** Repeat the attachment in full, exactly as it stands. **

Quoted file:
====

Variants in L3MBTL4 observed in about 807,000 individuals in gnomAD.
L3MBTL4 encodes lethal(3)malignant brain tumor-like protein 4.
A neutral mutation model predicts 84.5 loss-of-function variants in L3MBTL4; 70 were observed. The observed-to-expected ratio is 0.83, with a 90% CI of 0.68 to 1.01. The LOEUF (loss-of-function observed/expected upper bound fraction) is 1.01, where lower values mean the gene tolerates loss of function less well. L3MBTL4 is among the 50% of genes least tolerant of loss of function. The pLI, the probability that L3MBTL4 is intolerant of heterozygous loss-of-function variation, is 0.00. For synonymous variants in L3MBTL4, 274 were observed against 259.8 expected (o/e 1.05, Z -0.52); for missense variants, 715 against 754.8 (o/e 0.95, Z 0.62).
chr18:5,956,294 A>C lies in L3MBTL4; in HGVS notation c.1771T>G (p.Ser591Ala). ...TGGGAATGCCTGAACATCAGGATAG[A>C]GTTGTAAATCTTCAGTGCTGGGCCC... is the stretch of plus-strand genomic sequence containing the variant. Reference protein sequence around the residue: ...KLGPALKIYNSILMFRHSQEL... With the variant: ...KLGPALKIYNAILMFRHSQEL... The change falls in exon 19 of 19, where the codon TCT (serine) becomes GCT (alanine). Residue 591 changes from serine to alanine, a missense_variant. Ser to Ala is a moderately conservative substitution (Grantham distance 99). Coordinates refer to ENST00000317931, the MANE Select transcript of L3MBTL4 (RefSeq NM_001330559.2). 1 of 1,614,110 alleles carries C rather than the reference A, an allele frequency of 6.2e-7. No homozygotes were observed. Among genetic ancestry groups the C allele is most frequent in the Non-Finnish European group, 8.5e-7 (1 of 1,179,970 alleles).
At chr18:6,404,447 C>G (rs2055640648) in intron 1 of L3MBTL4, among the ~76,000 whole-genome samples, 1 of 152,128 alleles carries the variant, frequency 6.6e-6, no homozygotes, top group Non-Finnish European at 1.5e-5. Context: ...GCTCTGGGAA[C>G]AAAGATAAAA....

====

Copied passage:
Variants in L3MBTL4 observed in about 807,000 individuals in gnomAD.
L3MBTL4 encodes lethal(3)malignant brain tumor-like protein 4.
A neutral mutation model predicts 84.5 loss-of-function variants in L3MBTL4; 70 were observed. The observed-to-expected ratio is 0.83, with a 90% CI of 0.68 to 1.01. The LOEUF (loss-of-function observed/expected upper bound fraction) is 1.01, where lower values mean the gene tolerates loss of function less well. L3MBTL4 is among the 50% of genes least tolerant of loss of function. The pLI, the probability that L3MBTL4 is intolerant of heterozygous loss-of-function variation, is 0.00. For synonymous variants in L3MBTL4, 274 were observed against 259.8 expected (o/e 1.05, Z -0.52); for missense variants, 715 against 754.8 (o/e 0.95, Z 0.62).
chr18:5,956,294 A>C lies in L3MBTL4; in HGVS notation c.1771T>G (p.Ser591Ala). ...TGGGAATGCCTGAACATCAGGATAG[A>C]GTTGTAAATCTTCAGTGCTGGGCCC... is the stretch of plus-strand genomic sequence containing the variant. Reference protein sequence around the residue: ...KLGPALKIYNSILMFRHSQEL... With the variant: ...KLGPALKIYNAILMFRHSQEL... The change falls in exon 19 of 19, where the codon TCT (serine) becomes GCT (alanine). Residue 591 changes from serine to alanine, a missense_variant. Ser to Ala is a moderately conservative substitution (Grantham distance 99). Coordinates refer to ENST00000317931, the MANE Select transcript of L3MBTL4 (RefSeq NM_001330559.2). 1 of 1,614,110 alleles carries C rather than the reference A, an allele frequency of 6.2e-7. No homozygotes were observed. Among genetic ancestry groups the C allele is most frequent in the Non-Finnish European group, 8.5e-7 (1 of 1,179,970 alleles).
At chr18:6,404,447 C>G (rs2055640648) in intron 1 of L3MBTL4, among the ~76,000 whole-genome samples, 1 of 152,128 alleles carries the variant, frequency 6.6e-6, no homozygotes, top group Non-Finnish European at 1.5e-5. Context: ...GCTCTGGGAA[C>G]AAAGATAAAA....